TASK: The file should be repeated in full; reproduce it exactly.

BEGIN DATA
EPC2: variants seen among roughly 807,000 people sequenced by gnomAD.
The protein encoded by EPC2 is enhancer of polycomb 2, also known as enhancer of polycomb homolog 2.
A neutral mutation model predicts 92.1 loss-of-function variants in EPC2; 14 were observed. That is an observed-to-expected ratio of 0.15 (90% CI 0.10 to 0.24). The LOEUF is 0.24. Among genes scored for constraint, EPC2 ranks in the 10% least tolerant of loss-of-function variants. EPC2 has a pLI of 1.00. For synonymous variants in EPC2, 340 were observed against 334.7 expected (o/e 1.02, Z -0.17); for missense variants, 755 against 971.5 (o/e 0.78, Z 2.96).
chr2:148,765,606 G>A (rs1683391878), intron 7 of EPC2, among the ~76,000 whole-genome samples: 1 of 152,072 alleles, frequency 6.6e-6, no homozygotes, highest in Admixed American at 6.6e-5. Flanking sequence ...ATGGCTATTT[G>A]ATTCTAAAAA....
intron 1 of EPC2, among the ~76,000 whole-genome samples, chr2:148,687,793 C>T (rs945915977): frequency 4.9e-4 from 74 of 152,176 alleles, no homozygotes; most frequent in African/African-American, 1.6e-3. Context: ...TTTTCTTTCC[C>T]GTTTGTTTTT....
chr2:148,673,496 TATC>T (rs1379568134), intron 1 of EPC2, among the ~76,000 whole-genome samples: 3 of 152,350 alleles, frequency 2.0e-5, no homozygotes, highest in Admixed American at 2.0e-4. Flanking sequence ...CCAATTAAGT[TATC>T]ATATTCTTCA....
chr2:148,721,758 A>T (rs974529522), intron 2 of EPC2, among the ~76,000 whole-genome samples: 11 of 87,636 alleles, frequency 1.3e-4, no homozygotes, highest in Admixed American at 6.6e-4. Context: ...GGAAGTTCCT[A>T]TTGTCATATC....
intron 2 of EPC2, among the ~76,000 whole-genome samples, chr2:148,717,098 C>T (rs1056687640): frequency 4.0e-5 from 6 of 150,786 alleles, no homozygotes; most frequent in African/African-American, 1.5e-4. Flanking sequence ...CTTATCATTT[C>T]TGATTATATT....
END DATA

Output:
EPC2: variants seen among roughly 807,000 people sequenced by gnomAD.
The protein encoded by EPC2 is enhancer of polycomb 2, also known as enhancer of polycomb homolog 2.
A neutral mutation model predicts 92.1 loss-of-function variants in EPC2; 14 were observed. That is an observed-to-expected ratio of 0.15 (90% CI 0.10 to 0.24). The LOEUF is 0.24. Among genes scored for constraint, EPC2 ranks in the 10% least tolerant of loss-of-function variants. EPC2 has a pLI of 1.00. For synonymous variants in EPC2, 340 were observed against 334.7 expected (o/e 1.02, Z -0.17); for missense variants, 755 against 971.5 (o/e 0.78, Z 2.96).
chr2:148,765,606 G>A (rs1683391878), intron 7 of EPC2, among the ~76,000 whole-genome samples: 1 of 152,072 alleles, frequency 6.6e-6, no homozygotes, highest in Admixed American at 6.6e-5. Flanking sequence ...ATGGCTATTT[G>A]ATTCTAAAAA....
intron 1 of EPC2, among the ~76,000 whole-genome samples, chr2:148,687,793 C>T (rs945915977): frequency 4.9e-4 from 74 of 152,176 alleles, no homozygotes; most frequent in African/African-American, 1.6e-3. Context: ...TTTTCTTTCC[C>T]GTTTGTTTTT....
chr2:148,673,496 TATC>T (rs1379568134), intron 1 of EPC2, among the ~76,000 whole-genome samples: 3 of 152,350 alleles, frequency 2.0e-5, no homozygotes, highest in Admixed American at 2.0e-4. Flanking sequence ...CCAATTAAGT[TATC>T]ATATTCTTCA....
chr2:148,721,758 A>T (rs974529522), intron 2 of EPC2, among the ~76,000 whole-genome samples: 11 of 87,636 alleles, frequency 1.3e-4, no homozygotes, highest in Admixed American at 6.6e-4. Context: ...GGAAGTTCCT[A>T]TTGTCATATC....
intron 2 of EPC2, among the ~76,000 whole-genome samples, chr2:148,717,098 C>T (rs1056687640): frequency 4.0e-5 from 6 of 150,786 alleles, no homozygotes; most frequent in African/African-American, 1.5e-4. Flanking sequence ...CTTATCATTT[C>T]TGATTATATT....